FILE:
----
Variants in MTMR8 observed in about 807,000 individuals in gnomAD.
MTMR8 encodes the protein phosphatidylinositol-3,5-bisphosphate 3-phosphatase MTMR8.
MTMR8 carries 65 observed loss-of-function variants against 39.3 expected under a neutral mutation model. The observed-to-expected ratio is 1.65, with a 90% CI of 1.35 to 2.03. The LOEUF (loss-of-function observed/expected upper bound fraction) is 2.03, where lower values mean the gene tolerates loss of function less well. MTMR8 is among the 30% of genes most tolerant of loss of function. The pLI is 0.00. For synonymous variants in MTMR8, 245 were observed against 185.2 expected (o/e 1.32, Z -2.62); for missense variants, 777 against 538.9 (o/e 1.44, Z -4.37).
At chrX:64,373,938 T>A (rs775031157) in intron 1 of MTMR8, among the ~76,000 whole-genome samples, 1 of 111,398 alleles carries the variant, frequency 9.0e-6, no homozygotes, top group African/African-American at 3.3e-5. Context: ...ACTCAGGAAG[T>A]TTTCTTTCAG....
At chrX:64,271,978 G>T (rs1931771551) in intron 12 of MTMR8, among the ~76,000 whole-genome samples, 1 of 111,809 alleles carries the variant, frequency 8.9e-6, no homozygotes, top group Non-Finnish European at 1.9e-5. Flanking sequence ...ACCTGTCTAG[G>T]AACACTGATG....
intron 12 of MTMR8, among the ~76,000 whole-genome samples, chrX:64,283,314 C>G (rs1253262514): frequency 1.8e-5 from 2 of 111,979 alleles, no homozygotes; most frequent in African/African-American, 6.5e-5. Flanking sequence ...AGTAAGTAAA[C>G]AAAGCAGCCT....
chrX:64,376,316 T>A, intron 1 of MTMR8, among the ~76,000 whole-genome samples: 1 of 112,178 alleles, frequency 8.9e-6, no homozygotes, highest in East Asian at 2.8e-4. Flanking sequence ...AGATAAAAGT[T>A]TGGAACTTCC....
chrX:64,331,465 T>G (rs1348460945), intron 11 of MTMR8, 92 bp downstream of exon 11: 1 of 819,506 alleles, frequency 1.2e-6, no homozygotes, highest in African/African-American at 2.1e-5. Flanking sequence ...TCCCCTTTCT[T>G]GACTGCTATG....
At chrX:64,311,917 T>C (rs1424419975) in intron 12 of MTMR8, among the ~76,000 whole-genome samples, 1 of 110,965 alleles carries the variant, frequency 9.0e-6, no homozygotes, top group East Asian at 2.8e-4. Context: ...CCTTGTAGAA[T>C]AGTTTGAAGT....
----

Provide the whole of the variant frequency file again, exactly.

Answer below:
Variants in MTMR8 observed in about 807,000 individuals in gnomAD.
MTMR8 encodes the protein phosphatidylinositol-3,5-bisphosphate 3-phosphatase MTMR8.
MTMR8 carries 65 observed loss-of-function variants against 39.3 expected under a neutral mutation model. The observed-to-expected ratio is 1.65, with a 90% CI of 1.35 to 2.03. The LOEUF (loss-of-function observed/expected upper bound fraction) is 2.03, where lower values mean the gene tolerates loss of function less well. MTMR8 is among the 30% of genes most tolerant of loss of function. The pLI is 0.00. For synonymous variants in MTMR8, 245 were observed against 185.2 expected (o/e 1.32, Z -2.62); for missense variants, 777 against 538.9 (o/e 1.44, Z -4.37).
At chrX:64,373,938 T>A (rs775031157) in intron 1 of MTMR8, among the ~76,000 whole-genome samples, 1 of 111,398 alleles carries the variant, frequency 9.0e-6, no homozygotes, top group African/African-American at 3.3e-5. Context: ...ACTCAGGAAG[T>A]TTTCTTTCAG....
At chrX:64,271,978 G>T (rs1931771551) in intron 12 of MTMR8, among the ~76,000 whole-genome samples, 1 of 111,809 alleles carries the variant, frequency 8.9e-6, no homozygotes, top group Non-Finnish European at 1.9e-5. Flanking sequence ...ACCTGTCTAG[G>T]AACACTGATG....
intron 12 of MTMR8, among the ~76,000 whole-genome samples, chrX:64,283,314 C>G (rs1253262514): frequency 1.8e-5 from 2 of 111,979 alleles, no homozygotes; most frequent in African/African-American, 6.5e-5. Flanking sequence ...AGTAAGTAAA[C>G]AAAGCAGCCT....
chrX:64,376,316 T>A, intron 1 of MTMR8, among the ~76,000 whole-genome samples: 1 of 112,178 alleles, frequency 8.9e-6, no homozygotes, highest in East Asian at 2.8e-4. Flanking sequence ...AGATAAAAGT[T>A]TGGAACTTCC....
chrX:64,331,465 T>G (rs1348460945), intron 11 of MTMR8, 92 bp downstream of exon 11: 1 of 819,506 alleles, frequency 1.2e-6, no homozygotes, highest in African/African-American at 2.1e-5. Flanking sequence ...TCCCCTTTCT[T>G]GACTGCTATG....
At chrX:64,311,917 T>C (rs1424419975) in intron 12 of MTMR8, among the ~76,000 whole-genome samples, 1 of 110,965 alleles carries the variant, frequency 9.0e-6, no homozygotes, top group East Asian at 2.8e-4. Context: ...CCTTGTAGAA[T>C]AGTTTGAAGT....